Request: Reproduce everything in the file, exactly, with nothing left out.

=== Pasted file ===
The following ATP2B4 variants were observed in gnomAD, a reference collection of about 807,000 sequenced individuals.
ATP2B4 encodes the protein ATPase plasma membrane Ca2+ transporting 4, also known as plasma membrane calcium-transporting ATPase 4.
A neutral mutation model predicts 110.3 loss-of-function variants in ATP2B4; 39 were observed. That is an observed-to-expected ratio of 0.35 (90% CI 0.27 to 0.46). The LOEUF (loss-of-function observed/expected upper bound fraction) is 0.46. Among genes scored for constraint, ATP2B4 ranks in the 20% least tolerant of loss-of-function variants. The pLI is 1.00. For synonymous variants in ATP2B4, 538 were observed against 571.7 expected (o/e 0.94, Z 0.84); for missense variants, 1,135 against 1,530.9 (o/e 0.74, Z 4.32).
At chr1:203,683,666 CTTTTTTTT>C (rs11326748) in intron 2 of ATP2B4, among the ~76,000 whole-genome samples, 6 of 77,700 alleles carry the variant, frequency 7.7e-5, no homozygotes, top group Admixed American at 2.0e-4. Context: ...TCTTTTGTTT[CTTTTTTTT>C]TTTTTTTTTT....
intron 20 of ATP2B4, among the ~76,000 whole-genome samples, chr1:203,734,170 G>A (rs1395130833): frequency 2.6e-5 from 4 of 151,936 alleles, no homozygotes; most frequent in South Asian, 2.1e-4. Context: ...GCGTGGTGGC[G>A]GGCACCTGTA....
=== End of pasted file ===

The following ATP2B4 variants were observed in gnomAD, a reference collection of about 807,000 sequenced individuals.
ATP2B4 encodes the protein ATPase plasma membrane Ca2+ transporting 4, also known as plasma membrane calcium-transporting ATPase 4.
A neutral mutation model predicts 110.3 loss-of-function variants in ATP2B4; 39 were observed. That is an observed-to-expected ratio of 0.35 (90% CI 0.27 to 0.46). The LOEUF (loss-of-function observed/expected upper bound fraction) is 0.46. Among genes scored for constraint, ATP2B4 ranks in the 20% least tolerant of loss-of-function variants. The pLI is 1.00. For synonymous variants in ATP2B4, 538 were observed against 571.7 expected (o/e 0.94, Z 0.84); for missense variants, 1,135 against 1,530.9 (o/e 0.74, Z 4.32).
At chr1:203,683,666 CTTTTTTTT>C (rs11326748) in intron 2 of ATP2B4, among the ~76,000 whole-genome samples, 6 of 77,700 alleles carry the variant, frequency 7.7e-5, no homozygotes, top group Admixed American at 2.0e-4. Context: ...TCTTTTGTTT[CTTTTTTTT>C]TTTTTTTTTT....
intron 20 of ATP2B4, among the ~76,000 whole-genome samples, chr1:203,734,170 G>A (rs1395130833): frequency 2.6e-5 from 4 of 151,936 alleles, no homozygotes; most frequent in South Asian, 2.1e-4. Context: ...GCGTGGTGGC[G>A]GGCACCTGTA....